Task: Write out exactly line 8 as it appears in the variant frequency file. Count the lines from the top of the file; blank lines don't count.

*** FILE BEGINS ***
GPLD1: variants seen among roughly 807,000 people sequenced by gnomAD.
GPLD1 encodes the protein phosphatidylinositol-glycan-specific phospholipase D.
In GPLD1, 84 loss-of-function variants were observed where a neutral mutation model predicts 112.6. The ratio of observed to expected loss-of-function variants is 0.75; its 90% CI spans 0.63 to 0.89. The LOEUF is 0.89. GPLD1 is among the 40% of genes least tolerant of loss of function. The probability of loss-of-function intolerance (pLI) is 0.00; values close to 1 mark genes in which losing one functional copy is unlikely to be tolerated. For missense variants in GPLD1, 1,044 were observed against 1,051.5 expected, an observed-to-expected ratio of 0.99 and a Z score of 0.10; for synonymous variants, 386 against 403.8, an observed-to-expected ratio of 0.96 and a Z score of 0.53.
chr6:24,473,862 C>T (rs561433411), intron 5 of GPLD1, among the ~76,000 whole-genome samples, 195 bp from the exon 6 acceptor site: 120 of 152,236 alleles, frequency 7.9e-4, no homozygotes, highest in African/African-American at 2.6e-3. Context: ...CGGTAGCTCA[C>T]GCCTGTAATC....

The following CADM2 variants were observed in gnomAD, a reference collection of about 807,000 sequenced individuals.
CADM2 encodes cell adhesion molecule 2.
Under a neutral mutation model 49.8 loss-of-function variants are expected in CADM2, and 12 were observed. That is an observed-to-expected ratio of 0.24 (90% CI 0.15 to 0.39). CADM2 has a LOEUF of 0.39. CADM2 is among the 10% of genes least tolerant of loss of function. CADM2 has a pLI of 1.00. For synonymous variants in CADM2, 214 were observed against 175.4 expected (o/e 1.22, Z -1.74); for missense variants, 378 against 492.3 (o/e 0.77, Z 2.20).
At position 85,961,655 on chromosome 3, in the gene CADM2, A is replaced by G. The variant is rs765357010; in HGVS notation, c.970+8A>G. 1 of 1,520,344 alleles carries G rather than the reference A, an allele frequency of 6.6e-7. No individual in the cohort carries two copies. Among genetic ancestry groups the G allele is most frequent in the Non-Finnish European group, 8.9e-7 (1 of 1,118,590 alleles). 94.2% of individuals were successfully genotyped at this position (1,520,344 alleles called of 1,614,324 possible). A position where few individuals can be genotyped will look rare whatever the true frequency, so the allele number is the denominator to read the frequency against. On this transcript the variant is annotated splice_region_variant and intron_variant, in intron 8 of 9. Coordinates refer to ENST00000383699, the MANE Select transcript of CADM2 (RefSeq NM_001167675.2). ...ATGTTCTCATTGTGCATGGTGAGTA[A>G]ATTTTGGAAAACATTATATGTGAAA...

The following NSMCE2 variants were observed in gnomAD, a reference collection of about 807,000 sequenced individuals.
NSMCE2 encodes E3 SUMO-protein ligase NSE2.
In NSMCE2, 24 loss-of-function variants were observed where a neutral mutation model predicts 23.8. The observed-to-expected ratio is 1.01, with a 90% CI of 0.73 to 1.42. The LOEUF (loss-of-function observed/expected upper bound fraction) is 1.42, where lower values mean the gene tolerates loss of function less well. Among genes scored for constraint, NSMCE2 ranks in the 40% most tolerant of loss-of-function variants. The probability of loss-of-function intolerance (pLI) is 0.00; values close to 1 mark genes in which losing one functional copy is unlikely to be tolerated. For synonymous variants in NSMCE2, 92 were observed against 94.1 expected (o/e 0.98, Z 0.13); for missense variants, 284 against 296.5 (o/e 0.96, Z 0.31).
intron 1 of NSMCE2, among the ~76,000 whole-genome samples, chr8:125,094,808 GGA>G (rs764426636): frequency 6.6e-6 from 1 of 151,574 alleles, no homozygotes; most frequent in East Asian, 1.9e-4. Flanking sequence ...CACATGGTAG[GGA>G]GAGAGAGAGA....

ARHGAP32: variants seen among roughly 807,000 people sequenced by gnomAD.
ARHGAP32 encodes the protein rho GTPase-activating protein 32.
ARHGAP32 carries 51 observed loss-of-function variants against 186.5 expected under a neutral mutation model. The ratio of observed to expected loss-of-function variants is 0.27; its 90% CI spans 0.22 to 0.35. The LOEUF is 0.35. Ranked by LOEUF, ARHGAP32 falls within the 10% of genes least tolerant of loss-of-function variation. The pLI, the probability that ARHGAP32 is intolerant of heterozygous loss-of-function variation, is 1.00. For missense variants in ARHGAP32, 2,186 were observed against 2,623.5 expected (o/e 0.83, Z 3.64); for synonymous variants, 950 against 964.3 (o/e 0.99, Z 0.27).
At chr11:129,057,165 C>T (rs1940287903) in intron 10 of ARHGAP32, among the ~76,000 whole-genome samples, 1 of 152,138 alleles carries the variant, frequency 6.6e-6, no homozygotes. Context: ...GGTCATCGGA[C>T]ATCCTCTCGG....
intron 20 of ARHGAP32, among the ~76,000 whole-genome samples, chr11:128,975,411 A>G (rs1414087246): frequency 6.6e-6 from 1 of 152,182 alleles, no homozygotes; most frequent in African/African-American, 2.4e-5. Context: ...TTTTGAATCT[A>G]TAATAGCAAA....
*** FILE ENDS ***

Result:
At position 85,961,655 on chromosome 3, in the gene CADM2, A is replaced by G. The variant is rs765357010; in HGVS notation, c.970+8A>G. 1 of 1,520,344 alleles carries G rather than the reference A, an allele frequency of 6.6e-7. No individual in the cohort carries two copies. Among genetic ancestry groups the G allele is most frequent in the Non-Finnish European group, 8.9e-7 (1 of 1,118,590 alleles). 94.2% of individuals were successfully genotyped at this position (1,520,344 alleles called of 1,614,324 possible). A position where few individuals can be genotyped will look rare whatever the true frequency, so the allele number is the denominator to read the frequency against. On this transcript the variant is annotated splice_region_variant and intron_variant, in intron 8 of 9. Coordinates refer to ENST00000383699, the MANE Select transcript of CADM2 (RefSeq NM_001167675.2). ...ATGTTCTCATTGTGCATGGTGAGTA[A>G]ATTTTGGAAAACATTATATGTGAAA...